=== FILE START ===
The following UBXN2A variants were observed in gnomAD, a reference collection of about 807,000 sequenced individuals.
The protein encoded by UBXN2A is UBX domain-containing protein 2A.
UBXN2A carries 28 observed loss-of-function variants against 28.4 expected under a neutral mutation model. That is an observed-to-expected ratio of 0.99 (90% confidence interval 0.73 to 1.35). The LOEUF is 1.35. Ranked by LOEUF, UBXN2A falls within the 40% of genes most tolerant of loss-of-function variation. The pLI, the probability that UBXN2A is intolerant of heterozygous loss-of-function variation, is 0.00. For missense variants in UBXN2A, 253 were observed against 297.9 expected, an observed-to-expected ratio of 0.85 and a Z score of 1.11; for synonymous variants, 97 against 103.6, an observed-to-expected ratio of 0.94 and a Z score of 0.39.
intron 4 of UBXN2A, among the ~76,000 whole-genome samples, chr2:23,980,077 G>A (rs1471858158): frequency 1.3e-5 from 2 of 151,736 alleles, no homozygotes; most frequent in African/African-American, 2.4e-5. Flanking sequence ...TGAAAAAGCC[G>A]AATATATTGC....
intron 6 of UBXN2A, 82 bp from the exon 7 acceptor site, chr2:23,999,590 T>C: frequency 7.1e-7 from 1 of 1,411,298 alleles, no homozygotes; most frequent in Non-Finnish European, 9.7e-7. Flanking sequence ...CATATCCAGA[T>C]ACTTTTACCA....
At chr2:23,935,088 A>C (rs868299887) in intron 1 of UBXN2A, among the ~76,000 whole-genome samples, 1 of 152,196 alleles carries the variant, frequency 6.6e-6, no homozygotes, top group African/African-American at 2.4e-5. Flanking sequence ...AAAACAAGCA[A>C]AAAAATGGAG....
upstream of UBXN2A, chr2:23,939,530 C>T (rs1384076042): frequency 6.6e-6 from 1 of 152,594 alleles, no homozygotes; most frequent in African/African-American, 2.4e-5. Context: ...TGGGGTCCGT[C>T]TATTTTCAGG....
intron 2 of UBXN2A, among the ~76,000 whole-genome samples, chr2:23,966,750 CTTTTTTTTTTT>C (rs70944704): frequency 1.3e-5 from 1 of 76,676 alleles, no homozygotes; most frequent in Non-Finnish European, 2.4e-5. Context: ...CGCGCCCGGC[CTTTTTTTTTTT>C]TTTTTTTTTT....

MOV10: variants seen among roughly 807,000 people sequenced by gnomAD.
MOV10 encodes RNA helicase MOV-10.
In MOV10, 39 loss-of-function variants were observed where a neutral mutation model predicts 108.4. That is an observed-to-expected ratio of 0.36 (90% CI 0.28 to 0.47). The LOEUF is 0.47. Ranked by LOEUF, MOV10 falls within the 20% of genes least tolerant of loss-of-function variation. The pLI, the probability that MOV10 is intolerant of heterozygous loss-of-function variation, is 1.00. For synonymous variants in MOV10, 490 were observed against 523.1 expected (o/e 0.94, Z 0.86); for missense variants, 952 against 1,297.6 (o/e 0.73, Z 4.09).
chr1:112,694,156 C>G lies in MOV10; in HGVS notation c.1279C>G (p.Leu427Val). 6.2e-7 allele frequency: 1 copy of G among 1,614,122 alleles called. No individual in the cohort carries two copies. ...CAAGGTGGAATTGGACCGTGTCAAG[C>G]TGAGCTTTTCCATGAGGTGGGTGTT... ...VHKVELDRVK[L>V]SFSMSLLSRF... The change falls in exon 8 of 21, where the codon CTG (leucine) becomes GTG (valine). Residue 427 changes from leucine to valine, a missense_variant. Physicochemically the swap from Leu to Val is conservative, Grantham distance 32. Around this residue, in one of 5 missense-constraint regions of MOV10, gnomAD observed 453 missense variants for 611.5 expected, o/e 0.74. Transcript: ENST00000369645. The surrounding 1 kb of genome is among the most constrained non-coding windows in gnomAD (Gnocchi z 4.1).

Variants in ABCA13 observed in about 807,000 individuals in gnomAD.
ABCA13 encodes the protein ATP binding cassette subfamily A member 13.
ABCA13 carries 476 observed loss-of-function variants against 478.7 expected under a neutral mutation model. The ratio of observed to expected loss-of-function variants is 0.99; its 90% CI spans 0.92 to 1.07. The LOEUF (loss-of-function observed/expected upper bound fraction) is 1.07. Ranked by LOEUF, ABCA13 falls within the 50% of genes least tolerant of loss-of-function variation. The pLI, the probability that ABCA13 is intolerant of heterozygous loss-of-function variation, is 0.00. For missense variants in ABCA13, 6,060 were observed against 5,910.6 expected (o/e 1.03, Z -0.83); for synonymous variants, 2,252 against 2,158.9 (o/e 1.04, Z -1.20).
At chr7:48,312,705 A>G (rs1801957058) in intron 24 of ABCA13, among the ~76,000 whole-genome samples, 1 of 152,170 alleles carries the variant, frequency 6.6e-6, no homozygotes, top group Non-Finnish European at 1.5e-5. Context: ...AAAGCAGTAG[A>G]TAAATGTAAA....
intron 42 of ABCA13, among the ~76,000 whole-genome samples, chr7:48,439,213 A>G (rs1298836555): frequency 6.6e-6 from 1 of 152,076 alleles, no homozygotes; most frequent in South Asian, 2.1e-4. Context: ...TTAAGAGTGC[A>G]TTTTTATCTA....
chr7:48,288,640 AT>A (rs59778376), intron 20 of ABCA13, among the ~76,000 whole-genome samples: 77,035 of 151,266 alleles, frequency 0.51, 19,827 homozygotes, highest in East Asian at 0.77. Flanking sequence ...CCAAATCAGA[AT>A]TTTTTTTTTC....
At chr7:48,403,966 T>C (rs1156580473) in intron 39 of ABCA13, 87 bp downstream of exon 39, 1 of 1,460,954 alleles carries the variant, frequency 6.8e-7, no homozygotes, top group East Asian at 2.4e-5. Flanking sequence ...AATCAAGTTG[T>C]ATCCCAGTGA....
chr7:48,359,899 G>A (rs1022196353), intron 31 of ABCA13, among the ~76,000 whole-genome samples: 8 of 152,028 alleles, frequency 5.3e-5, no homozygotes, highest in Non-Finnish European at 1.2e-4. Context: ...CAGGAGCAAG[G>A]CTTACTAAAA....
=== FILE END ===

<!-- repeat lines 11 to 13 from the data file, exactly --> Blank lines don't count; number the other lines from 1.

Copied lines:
In MOV10, 39 loss-of-function variants were observed where a neutral mutation model predicts 108.4. That is an observed-to-expected ratio of 0.36 (90% CI 0.28 to 0.47). The LOEUF is 0.47. Ranked by LOEUF, MOV10 falls within the 20% of genes least tolerant of loss-of-function variation. The pLI, the probability that MOV10 is intolerant of heterozygous loss-of-function variation, is 1.00. For synonymous variants in MOV10, 490 were observed against 523.1 expected (o/e 0.94, Z 0.86); for missense variants, 952 against 1,297.6 (o/e 0.73, Z 4.09).
chr1:112,694,156 C>G lies in MOV10; in HGVS notation c.1279C>G (p.Leu427Val). 6.2e-7 allele frequency: 1 copy of G among 1,614,122 alleles called. No individual in the cohort carries two copies. ...CAAGGTGGAATTGGACCGTGTCAAG[C>G]TGAGCTTTTCCATGAGGTGGGTGTT... ...VHKVELDRVK[L>V]SFSMSLLSRF... The change falls in exon 8 of 21, where the codon CTG (leucine) becomes GTG (valine). Residue 427 changes from leucine to valine, a missense_variant. Physicochemically the swap from Leu to Val is conservative, Grantham distance 32. Around this residue, in one of 5 missense-constraint regions of MOV10, gnomAD observed 453 missense variants for 611.5 expected, o/e 0.74. Transcript: ENST00000369645. The surrounding 1 kb of genome is among the most constrained non-coding windows in gnomAD (Gnocchi z 4.1).

Variants in ABCA13 observed in about 807,000 individuals in gnomAD.